Oberon White

Ill met by moonlight

Happy All Fools’ Day!

From one Fool to another, I’d like to wish each and every one of a very merry day! To celebrate, I’d like to share with you a Fool’s vision of the end of the world.

'Do You remember when Narnia ended?'


Text, video and performance: Oberon White

Music: Olivir Haylett

Prince Johnny, you’re kind but do be careful.

By now I know just when to stand clear,

When all your friends and acolytes are holding court

In bathroom stalls

Lord of Misrule

Lord of Misrule

… and the spiders from Mars.

… and the spiders from Mars.


NME Takes St. Vincent to the Isabella Blow Exhibition

This lady just knows.

Lets play catch up. - Pie Eyed

It’s high time to blow some cobwebs off this blog and while we’re now trudging into the lurid maelstrom that is ‘the holiday period’, it wasn’t always this nipple freezingly chilly.  So with that I mind, I thought I’d share some of the projects that kept me busy over the last summer, you might like the think of them as a virtual gateway to a time of cocktails, ubiquitous floral patterns and the eerie lack of Christmas songs haunting our shopping centres like a Beckettian silence. 

With my fellow fabulous freaks of Chalk Dust Cabaret, we brought our lurid and hallucinatory ‘Pie Eyed’ to Brighton Fringe and Mimetic Festival.


There was compèring to be done, with the previously uncredited assistant of a bottle of vino. (Photography: Elemental Media)

photo 1003451_484925898248991_558597746_n_zpsbf1ae98e.jpg

Flyering to be done with the ever talented and hard-working performer/strip-o-gram Daniel Ash

imageAnd generally a chaotic, but incredible journey with a brilliant group of artists.  I like to think we brought a bit of intoxicated intrigue to our intrepid audiences. *hic*

Bechdel Test, Woolf’s Assessment

“Chloe liked Olivia,” I read. And then it struck me how immense a change was there. Chloe liked Olivia perhaps for the first time in literature. Cleopatra did not like Octavia. And how completelyAntony and Cleopatra would have been altered had she done so! As it is, I thought, letting my mind, I am afraid, wander a little from Life’s Adventure, the whole thing is simplified, conventionalized, if one dared say it, absurdly. Cleopatra’s only feeling about Octavia is one of jealousy. Is she taller than I am? How does she do her hair? The play, perhaps, required no more. But how interesting it would have been if the relationship between the two women had been more complicated. All these relationships between women, I thought, rapidly recalling the splendid gallery of fictitious women, are too simple. So much has been left out, unattempted. And I tried to remember any case in the course of my reading where two women are represented as friends. There is an attempt at it in Diana of the Crossways. They are confidantes, of course, in Racine and the Greek tragedies. They are now and then mothers and daughters. But almost without exception they are shown in their relation to men…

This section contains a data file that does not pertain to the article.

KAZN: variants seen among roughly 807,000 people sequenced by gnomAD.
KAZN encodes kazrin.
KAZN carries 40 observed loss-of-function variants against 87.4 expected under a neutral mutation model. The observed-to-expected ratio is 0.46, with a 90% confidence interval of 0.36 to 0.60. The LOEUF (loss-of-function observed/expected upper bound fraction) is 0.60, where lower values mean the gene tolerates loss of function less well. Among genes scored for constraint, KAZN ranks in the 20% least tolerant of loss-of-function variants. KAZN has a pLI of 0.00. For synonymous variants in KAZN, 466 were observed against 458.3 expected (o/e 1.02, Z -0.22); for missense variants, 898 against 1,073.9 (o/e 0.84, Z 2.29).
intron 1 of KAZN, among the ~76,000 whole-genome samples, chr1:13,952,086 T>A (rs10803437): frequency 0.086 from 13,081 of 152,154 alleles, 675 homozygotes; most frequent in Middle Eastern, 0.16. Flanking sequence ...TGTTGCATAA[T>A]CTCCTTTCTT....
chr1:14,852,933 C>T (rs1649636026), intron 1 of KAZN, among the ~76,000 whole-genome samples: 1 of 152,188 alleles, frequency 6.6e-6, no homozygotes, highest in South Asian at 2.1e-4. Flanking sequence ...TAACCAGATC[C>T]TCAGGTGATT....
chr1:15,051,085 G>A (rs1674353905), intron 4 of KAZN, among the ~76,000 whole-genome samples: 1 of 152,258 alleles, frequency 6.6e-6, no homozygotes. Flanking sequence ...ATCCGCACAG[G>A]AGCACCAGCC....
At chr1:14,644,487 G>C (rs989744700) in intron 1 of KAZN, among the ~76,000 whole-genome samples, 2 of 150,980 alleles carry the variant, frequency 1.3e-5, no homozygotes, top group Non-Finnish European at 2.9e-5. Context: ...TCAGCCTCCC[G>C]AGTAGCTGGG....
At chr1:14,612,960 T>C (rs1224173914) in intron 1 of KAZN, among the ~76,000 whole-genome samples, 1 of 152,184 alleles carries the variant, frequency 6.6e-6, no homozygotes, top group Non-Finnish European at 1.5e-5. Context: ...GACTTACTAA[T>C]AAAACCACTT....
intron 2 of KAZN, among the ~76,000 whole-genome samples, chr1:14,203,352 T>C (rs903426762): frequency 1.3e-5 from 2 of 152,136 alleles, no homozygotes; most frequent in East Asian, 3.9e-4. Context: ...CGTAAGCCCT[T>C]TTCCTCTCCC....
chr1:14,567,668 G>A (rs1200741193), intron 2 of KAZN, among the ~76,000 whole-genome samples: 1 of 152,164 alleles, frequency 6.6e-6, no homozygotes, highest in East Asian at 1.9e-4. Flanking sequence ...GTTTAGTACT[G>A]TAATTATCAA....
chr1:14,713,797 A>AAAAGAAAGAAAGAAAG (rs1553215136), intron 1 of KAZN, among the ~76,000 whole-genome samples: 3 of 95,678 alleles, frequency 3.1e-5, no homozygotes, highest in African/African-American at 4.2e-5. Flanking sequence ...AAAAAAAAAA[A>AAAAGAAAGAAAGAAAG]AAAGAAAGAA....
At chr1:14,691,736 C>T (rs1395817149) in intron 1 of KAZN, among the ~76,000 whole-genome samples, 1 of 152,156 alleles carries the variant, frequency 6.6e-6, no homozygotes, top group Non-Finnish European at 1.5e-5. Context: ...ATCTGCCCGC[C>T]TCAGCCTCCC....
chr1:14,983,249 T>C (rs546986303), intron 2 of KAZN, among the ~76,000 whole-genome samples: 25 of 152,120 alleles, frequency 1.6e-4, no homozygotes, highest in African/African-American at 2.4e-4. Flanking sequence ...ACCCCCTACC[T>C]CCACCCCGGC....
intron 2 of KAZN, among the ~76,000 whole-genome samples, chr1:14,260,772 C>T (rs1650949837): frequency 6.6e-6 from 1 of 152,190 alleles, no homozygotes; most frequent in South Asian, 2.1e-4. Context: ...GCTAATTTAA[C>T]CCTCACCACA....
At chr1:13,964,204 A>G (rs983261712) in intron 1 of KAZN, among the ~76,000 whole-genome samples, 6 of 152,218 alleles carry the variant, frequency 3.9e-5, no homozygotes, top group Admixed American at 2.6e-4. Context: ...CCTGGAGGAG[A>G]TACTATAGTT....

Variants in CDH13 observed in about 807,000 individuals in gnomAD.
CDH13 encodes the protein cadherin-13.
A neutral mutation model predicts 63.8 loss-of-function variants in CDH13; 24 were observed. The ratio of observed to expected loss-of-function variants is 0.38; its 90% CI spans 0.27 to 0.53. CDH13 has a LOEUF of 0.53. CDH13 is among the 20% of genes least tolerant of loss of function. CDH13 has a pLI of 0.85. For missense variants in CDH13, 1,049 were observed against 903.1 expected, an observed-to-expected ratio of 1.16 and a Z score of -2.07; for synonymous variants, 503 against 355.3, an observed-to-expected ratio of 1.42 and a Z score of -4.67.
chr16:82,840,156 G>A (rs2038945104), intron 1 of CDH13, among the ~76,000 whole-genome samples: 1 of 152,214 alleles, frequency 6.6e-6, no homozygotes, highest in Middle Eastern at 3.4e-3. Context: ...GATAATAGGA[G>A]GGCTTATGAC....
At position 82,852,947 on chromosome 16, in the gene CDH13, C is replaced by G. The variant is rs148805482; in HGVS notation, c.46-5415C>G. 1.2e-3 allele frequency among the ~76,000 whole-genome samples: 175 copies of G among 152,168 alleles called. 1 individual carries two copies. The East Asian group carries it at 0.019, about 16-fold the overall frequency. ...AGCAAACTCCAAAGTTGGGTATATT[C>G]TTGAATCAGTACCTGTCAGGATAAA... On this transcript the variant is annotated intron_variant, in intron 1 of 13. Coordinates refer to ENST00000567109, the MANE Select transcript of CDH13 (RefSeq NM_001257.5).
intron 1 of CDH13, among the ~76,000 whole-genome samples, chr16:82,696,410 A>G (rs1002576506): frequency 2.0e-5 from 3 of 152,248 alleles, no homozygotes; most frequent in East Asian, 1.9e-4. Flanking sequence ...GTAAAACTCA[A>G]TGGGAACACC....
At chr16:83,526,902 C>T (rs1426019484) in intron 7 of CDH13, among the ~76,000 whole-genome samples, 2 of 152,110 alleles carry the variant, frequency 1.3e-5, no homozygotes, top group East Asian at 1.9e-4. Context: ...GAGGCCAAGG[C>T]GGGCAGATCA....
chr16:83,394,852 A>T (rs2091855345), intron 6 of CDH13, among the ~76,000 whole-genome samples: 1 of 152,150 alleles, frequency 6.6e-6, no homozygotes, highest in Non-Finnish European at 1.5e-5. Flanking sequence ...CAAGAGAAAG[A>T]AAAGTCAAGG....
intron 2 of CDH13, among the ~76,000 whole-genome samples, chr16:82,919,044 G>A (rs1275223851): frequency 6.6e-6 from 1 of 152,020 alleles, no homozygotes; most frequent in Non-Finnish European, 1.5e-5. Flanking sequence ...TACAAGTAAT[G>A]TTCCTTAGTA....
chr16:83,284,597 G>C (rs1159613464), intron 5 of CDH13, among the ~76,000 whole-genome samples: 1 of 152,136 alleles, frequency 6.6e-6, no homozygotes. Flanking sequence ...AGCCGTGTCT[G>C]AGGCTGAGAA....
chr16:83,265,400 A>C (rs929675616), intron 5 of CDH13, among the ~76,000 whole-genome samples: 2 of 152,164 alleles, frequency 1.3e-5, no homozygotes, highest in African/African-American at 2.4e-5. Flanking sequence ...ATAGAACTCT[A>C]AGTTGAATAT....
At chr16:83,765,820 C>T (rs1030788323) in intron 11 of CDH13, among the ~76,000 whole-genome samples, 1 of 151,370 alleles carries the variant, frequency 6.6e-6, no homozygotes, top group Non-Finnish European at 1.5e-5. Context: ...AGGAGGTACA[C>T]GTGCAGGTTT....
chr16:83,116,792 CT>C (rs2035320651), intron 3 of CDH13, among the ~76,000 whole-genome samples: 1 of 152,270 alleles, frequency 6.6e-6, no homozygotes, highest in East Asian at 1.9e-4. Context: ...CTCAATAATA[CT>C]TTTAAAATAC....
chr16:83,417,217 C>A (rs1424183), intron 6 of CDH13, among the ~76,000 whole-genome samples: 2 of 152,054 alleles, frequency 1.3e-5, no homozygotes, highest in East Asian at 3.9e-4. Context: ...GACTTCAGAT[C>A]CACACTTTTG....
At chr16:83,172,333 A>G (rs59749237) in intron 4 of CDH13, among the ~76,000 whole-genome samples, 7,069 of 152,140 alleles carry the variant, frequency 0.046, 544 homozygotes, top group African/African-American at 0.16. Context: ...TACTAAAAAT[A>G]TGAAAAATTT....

Also, I continued, looking down at the page again, it is becoming evident that women, like men, have other interests besides the perennial interests of domesticity. “Chloe liked Olivia. They shared a laboratory together…” I read on and discovered that these two young women were engaged in mincing liver, which is, it seems, a cure for pernicious anaemia: although one of them was married and had—I think I am right in stating—two small children. Now all that, of course, has had to be left out, and thus the splendid portrait of the fictitious woman is much too simple and much too monotonous. Suppose, for instance, that men were only represented in literature as the lovers of women, and were never the friends of men, soldiers, thinkers, dreamers; how few parts in the plays of Shakespeare could be allotted to them: how literature would suffer!”

Chapter 5 of A Room of One’s Own; Woolf, Virginia


My Babies! Babies with Rabies! (Not Rabbis)

This darling woman is talented and beautiful.  You’re basically incredibly lucky just to be basking in her pixelated beauty.

Fizz and Hush

-For friends, wherever you might be. x  


We are the picnic beneath the sky that holds a storm.
The geese are flying south too soon and 

you and your perpendicular pull to other, to else. 

But two letter words can stretch across the skin of the globe 

and over too many snapshots of the sun, 

flickering over and under the horizon

like a bad burlesque.

We are all of us in our echo of beds. 
I cannot speak for all but I do believe it’s possible 

to plug one’s palm into plaster and cold paint and swim 

through time and space. 

Bedrooms long since woken from, shivering in the wrist, 

and if you press your wealth of hands against the cool sheen of the wall, 

I will know. 

For everyone knows that fingertips mean thunder 

in the place where we count sheep.

It’s nice to imagine labyrinths of bread and fizzy pink wine. 
If you never tear the foil, pop the cork, 

the bubbles never break as sea on shore. 

Ink bottle letters and a ghastly fall of snow.

If the summer sky cracks upon a rainbow hinge, 
I will be there amongst the flimsy trees. 

A flash of tartan and wicker 

before the weird sound of fractured clocks 

in the place where the stars should be, or rather 

that saccharine expanse of blue. 

Look for wicker and wit 

and in that rich deadly light 

just before a storm, 

there will be our two letter word. 

Visible, potent, deafeningly tender, 

and we will know there are fingertips on the other side of the wall.

Miranda July dancing to Master of None by Beach House in the film she wrote, directed and starred in: ‘The Future’

Carry on dancing Miranda.